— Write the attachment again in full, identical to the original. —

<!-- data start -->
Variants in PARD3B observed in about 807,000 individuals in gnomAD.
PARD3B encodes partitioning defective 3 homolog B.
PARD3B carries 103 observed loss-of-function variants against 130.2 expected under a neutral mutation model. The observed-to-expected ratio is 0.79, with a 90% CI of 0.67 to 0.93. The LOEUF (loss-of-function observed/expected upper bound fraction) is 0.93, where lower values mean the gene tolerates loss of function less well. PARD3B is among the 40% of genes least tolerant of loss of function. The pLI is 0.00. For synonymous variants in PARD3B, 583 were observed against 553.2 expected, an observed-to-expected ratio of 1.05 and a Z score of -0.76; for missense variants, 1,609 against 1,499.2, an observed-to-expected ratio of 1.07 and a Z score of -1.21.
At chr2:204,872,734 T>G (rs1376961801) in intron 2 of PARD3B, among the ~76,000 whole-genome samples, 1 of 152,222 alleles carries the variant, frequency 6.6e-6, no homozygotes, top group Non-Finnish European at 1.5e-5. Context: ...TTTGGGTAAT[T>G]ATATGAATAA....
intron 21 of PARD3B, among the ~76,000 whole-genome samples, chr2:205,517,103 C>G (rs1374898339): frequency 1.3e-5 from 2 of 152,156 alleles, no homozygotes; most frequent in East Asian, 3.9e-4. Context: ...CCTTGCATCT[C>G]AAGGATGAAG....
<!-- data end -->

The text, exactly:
Variants in PARD3B observed in about 807,000 individuals in gnomAD.
PARD3B encodes partitioning defective 3 homolog B.
PARD3B carries 103 observed loss-of-function variants against 130.2 expected under a neutral mutation model. The observed-to-expected ratio is 0.79, with a 90% CI of 0.67 to 0.93. The LOEUF (loss-of-function observed/expected upper bound fraction) is 0.93, where lower values mean the gene tolerates loss of function less well. PARD3B is among the 40% of genes least tolerant of loss of function. The pLI is 0.00. For synonymous variants in PARD3B, 583 were observed against 553.2 expected, an observed-to-expected ratio of 1.05 and a Z score of -0.76; for missense variants, 1,609 against 1,499.2, an observed-to-expected ratio of 1.07 and a Z score of -1.21.
At chr2:204,872,734 T>G (rs1376961801) in intron 2 of PARD3B, among the ~76,000 whole-genome samples, 1 of 152,222 alleles carries the variant, frequency 6.6e-6, no homozygotes, top group Non-Finnish European at 1.5e-5. Context: ...TTTGGGTAAT[T>G]ATATGAATAA....
intron 21 of PARD3B, among the ~76,000 whole-genome samples, chr2:205,517,103 C>G (rs1374898339): frequency 1.3e-5 from 2 of 152,156 alleles, no homozygotes; most frequent in East Asian, 3.9e-4. Context: ...CCTTGCATCT[C>G]AAGGATGAAG....